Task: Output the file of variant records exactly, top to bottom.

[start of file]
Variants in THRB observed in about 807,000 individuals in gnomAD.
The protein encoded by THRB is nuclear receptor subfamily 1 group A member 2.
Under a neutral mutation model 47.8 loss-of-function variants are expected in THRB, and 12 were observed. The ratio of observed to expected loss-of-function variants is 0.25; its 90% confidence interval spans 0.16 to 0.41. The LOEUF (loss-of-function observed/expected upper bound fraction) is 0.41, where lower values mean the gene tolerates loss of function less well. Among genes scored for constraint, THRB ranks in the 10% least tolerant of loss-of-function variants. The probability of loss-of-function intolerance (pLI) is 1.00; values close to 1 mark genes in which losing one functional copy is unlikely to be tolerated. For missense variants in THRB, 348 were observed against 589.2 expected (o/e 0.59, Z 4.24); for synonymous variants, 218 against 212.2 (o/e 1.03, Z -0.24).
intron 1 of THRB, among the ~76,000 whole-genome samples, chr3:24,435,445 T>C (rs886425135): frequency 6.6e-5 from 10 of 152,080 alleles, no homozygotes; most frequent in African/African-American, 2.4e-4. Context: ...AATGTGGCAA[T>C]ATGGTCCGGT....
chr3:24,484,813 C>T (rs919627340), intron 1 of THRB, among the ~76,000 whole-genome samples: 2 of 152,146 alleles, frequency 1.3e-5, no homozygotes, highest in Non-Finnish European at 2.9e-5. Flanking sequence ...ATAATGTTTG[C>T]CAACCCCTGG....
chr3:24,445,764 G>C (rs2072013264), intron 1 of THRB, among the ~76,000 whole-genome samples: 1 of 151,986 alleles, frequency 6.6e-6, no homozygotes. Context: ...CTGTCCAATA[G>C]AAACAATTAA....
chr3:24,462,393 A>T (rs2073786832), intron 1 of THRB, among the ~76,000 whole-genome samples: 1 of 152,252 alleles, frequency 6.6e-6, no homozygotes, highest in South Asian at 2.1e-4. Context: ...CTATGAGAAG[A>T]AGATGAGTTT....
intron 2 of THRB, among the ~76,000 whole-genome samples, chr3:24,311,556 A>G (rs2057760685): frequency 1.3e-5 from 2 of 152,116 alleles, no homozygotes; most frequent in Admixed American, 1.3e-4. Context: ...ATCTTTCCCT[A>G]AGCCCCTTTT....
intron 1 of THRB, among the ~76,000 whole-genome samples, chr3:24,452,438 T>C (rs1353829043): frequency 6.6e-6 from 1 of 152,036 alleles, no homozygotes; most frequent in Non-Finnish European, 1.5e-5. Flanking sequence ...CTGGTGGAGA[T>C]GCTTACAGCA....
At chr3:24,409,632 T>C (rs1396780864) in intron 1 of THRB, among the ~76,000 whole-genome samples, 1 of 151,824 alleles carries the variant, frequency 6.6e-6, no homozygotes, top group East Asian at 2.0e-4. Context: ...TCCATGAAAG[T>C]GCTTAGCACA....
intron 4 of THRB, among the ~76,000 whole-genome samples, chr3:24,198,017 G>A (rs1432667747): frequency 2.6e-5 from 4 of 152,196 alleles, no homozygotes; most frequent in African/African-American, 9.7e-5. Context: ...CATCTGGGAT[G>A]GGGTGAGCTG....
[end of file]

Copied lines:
Variants in THRB observed in about 807,000 individuals in gnomAD.
The protein encoded by THRB is nuclear receptor subfamily 1 group A member 2.
Under a neutral mutation model 47.8 loss-of-function variants are expected in THRB, and 12 were observed. The ratio of observed to expected loss-of-function variants is 0.25; its 90% confidence interval spans 0.16 to 0.41. The LOEUF (loss-of-function observed/expected upper bound fraction) is 0.41, where lower values mean the gene tolerates loss of function less well. Among genes scored for constraint, THRB ranks in the 10% least tolerant of loss-of-function variants. The probability of loss-of-function intolerance (pLI) is 1.00; values close to 1 mark genes in which losing one functional copy is unlikely to be tolerated. For missense variants in THRB, 348 were observed against 589.2 expected (o/e 0.59, Z 4.24); for synonymous variants, 218 against 212.2 (o/e 1.03, Z -0.24).
intron 1 of THRB, among the ~76,000 whole-genome samples, chr3:24,435,445 T>C (rs886425135): frequency 6.6e-5 from 10 of 152,080 alleles, no homozygotes; most frequent in African/African-American, 2.4e-4. Context: ...AATGTGGCAA[T>C]ATGGTCCGGT....
chr3:24,484,813 C>T (rs919627340), intron 1 of THRB, among the ~76,000 whole-genome samples: 2 of 152,146 alleles, frequency 1.3e-5, no homozygotes, highest in Non-Finnish European at 2.9e-5. Flanking sequence ...ATAATGTTTG[C>T]CAACCCCTGG....
chr3:24,445,764 G>C (rs2072013264), intron 1 of THRB, among the ~76,000 whole-genome samples: 1 of 151,986 alleles, frequency 6.6e-6, no homozygotes. Context: ...CTGTCCAATA[G>C]AAACAATTAA....
chr3:24,462,393 A>T (rs2073786832), intron 1 of THRB, among the ~76,000 whole-genome samples: 1 of 152,252 alleles, frequency 6.6e-6, no homozygotes, highest in South Asian at 2.1e-4. Context: ...CTATGAGAAG[A>T]AGATGAGTTT....
intron 2 of THRB, among the ~76,000 whole-genome samples, chr3:24,311,556 A>G (rs2057760685): frequency 1.3e-5 from 2 of 152,116 alleles, no homozygotes; most frequent in Admixed American, 1.3e-4. Context: ...ATCTTTCCCT[A>G]AGCCCCTTTT....
intron 1 of THRB, among the ~76,000 whole-genome samples, chr3:24,452,438 T>C (rs1353829043): frequency 6.6e-6 from 1 of 152,036 alleles, no homozygotes; most frequent in Non-Finnish European, 1.5e-5. Flanking sequence ...CTGGTGGAGA[T>C]GCTTACAGCA....
At chr3:24,409,632 T>C (rs1396780864) in intron 1 of THRB, among the ~76,000 whole-genome samples, 1 of 151,824 alleles carries the variant, frequency 6.6e-6, no homozygotes, top group East Asian at 2.0e-4. Context: ...TCCATGAAAG[T>C]GCTTAGCACA....
intron 4 of THRB, among the ~76,000 whole-genome samples, chr3:24,198,017 G>A (rs1432667747): frequency 2.6e-5 from 4 of 152,196 alleles, no homozygotes; most frequent in African/African-American, 9.7e-5. Context: ...CATCTGGGAT[G>A]GGGTGAGCTG....